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Ukraine’s infamous traffic police create a temporary unit that will likely step up harassment of protesters heading to Kyiv.by Halya Coynash 6 January 2014
Ukraine’s traffic police are as notorious as the country’s roads, and both are best avoided. That is not an option for people taking part in the EuroMaidan peaceful protests, not only because many come to Kyiv from other parts of the country. The traffic police have been widely used to prevent people from physically reaching the demonstrations as well as to intimidate those taking part. A new traffic police special unit whose formation was announced on 2 January is likely to increase interference.
Since the “AutoMaidan” car procession on 29 December to the president’s controversial residence at Mezhyhirya, north of Kyiv, and the sumptuous homes of others in high positions, activists and journalists who took part have had visits from traffic police officers or have been invited in for a “chat.” Such measures are overtly intimidating – and illegal since both visits and “invitations” are beyond the specific powers of the traffic police. The officers’ claim in each case that they are investigating the failure of participants in the car procession to stop at the demand of police officers is also unconvincing. Even if they made some kind of general gesture calling on drivers to stop, an individual driver is obliged to pull over only if an officer specifically points to his or her car.
It is drearily predictable that these inept measures are being applied against protesters who headed for Viktor Yanukovych’s residence at Mezhyhirya. All attempts since Yanukovych became president to hold peaceful protests near the vast estate, and to demand openness about the former state residence believed to have been privatized through questionable dealings have resulted in court bans, some administrative terms of imprisonment, and informal methods of pressure. Given that one of the journalists most active in exposing corrupt schemes, Tetyana Chornovol, is still in the hospital after a savage attack on 25 December, traffic police attempts to intimidate other civic activists and journalists are doing the president no favors.
They prompt equally uncharitable thoughts about other high-ranking public officials. The attack on Chornovol came after she posted photos of the opulent conditions in which Interior Minister Vitaliy Zakharchenko lives, and before she had a chance to post similar photos of the residence of the prosecutor general, Viktor Pshonka. The apparent attempt on her life came just days after a second potentially fatal attack on members of the traffic police watchdog group Road Control. Those, in turn, coincided with two criminal prosecutions on preposterous charges against Road Control’s Andriy Dzyndzya and his lawyer, Viktor Smaliy.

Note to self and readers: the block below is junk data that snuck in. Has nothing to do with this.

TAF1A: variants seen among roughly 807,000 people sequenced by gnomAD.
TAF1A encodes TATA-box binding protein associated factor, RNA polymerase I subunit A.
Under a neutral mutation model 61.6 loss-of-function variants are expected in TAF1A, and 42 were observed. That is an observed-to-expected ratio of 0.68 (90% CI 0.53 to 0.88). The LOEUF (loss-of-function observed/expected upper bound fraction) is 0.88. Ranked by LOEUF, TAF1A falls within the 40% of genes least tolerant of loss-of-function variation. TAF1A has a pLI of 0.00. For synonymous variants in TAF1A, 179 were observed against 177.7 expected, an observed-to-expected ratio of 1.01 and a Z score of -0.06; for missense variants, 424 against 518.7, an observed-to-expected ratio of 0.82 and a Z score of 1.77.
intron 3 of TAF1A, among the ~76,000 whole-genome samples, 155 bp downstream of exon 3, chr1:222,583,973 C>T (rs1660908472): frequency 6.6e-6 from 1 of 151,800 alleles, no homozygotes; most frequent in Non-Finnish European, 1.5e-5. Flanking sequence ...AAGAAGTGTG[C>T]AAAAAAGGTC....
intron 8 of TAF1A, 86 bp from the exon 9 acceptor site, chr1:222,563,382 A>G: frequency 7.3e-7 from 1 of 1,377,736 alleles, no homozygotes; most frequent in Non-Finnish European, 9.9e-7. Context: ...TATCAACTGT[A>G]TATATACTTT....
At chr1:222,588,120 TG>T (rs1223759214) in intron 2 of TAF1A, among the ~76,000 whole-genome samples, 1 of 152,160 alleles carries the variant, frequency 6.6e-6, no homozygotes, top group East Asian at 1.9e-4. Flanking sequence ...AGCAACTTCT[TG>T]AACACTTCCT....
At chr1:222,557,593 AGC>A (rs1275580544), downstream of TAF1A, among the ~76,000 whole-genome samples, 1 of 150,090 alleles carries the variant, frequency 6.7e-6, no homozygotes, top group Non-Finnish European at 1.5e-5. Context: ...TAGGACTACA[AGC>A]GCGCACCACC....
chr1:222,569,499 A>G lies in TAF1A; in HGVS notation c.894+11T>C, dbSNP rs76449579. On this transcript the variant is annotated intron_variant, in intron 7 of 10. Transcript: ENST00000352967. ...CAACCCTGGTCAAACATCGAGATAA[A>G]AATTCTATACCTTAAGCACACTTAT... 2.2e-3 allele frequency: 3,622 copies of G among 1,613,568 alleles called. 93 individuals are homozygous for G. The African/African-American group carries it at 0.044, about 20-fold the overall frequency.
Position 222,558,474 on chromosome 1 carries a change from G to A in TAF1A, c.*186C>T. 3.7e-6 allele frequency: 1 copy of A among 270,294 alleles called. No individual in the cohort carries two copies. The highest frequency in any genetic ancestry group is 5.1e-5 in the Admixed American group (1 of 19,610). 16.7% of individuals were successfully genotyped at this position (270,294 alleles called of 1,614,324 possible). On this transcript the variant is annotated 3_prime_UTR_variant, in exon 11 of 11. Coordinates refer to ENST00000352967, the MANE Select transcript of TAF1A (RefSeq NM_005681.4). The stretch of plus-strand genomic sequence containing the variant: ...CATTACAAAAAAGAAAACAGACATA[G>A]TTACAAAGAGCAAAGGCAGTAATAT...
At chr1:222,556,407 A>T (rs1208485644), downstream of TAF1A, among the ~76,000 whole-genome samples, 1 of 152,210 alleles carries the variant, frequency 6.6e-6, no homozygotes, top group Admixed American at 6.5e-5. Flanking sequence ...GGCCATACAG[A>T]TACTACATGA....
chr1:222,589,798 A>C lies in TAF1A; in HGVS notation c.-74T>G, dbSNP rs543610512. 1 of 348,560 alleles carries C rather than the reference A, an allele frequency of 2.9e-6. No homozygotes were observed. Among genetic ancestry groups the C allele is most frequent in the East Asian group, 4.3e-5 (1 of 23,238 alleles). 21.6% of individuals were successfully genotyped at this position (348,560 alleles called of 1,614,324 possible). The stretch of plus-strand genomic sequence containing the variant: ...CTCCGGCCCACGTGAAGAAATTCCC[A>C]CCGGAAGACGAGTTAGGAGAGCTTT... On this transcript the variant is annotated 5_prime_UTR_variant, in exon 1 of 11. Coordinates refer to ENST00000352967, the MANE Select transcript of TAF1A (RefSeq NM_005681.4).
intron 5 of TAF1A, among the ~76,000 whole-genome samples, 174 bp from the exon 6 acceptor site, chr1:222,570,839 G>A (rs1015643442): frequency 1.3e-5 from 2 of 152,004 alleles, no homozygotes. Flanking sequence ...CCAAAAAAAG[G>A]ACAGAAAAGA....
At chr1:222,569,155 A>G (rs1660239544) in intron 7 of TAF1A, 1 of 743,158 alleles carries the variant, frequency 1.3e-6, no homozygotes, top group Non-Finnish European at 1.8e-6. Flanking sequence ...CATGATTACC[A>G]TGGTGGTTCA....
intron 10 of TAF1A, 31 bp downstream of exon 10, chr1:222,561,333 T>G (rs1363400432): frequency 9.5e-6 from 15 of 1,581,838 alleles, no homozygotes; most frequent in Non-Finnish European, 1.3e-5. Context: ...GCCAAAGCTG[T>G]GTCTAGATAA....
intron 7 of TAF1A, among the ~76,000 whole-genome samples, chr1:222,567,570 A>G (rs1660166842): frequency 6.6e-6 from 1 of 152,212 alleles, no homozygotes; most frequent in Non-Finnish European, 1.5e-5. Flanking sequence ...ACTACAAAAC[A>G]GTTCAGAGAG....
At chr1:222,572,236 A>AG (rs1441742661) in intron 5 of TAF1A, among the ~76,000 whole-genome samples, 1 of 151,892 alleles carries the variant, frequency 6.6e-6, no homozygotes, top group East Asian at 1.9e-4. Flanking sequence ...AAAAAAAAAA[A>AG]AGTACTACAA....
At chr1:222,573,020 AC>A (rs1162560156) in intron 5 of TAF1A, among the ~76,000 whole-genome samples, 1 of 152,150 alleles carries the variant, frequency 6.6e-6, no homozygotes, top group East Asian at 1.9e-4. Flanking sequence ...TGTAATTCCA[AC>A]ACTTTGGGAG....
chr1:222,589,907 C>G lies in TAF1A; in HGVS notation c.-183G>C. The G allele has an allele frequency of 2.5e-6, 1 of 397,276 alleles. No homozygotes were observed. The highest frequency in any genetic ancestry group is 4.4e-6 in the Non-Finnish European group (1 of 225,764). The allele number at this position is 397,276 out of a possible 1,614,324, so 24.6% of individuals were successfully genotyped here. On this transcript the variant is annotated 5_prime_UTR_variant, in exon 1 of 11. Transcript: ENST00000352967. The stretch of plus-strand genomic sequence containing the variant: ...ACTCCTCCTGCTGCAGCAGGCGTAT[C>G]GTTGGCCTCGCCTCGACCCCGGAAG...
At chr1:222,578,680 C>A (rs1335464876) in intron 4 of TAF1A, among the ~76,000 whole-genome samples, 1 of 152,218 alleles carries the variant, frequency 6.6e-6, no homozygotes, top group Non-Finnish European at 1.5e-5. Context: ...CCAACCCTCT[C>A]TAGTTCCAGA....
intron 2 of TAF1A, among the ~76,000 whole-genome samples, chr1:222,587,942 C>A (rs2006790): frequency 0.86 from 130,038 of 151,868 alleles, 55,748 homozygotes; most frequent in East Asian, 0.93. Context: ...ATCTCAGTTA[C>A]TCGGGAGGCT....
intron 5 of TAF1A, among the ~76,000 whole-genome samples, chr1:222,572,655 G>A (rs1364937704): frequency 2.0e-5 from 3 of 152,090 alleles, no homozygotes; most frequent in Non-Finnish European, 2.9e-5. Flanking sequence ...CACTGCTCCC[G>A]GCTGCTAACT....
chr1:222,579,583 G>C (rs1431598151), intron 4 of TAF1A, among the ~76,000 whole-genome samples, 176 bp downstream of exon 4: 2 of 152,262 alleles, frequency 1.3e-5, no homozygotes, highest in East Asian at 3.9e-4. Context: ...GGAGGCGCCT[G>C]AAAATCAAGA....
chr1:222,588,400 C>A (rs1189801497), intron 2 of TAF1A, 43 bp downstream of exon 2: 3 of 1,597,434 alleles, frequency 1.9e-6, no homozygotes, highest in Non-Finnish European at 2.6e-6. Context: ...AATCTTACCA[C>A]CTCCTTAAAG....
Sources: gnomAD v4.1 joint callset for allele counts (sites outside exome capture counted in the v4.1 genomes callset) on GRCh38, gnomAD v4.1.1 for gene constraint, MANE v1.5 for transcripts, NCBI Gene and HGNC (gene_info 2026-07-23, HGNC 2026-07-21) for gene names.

Instead of measures to find those guilty of these attacks and equally serious assaults on Kharkiv EuroMaidan activist Dmytro Pylypets and others, the police have responded by organizing a special unit, probably formed from the previous COBRA unit. The latter was frequently exposed by Road Control, which asserts that its purported role of catching officials as well as their privileged offspring was purely nominal, and in fact they stopped ordinary drivers, falsified evidence, and extorted bribes.
The new unit announced last week will work until 31 January in Kyiv and the Kyiv oblast. “The measures will activate prophylactic work aimed at preventing accidents; reducing the consequences of road accidents; and countering unlawful activities linked with the use of vehicles,” according to the Interior Ministry. As with the use of Berkut riot police, the deployment and functions of this new unit are regulated by a minister’s order, not a law, which would at least have to be considered by parliament and be subject to public scrutiny.
If the aim were seriously to avoid accidents, there would be no reason to use a special unit and every justification in extending the actions to cover the entire country. It is small wonder that Road Control, together with EuroMaidan activists, assume that this is yet another method to intimidate and crush the pro-EU EuroMaidan movement.
These techniques have been used widely over the last four years. Road Control is correct to advise people of their rights, but police methods are often insidious. Traffic police can make it clear to transportation companies that they will encounter difficulties in the future if they carry protesters. Or they can scrutinize the car or people’s documents until they find something, or claim to have. Such methods often work, and it seems likely that their frequency will increase over the next month.
On the other hand anger remains intense at the government’s use of force against peaceful protesters, the increasing number of attacks on civic activists, and other repressive measures. The regime is resorting to its standard methods of pressure. Their effect, however, is much less predictable.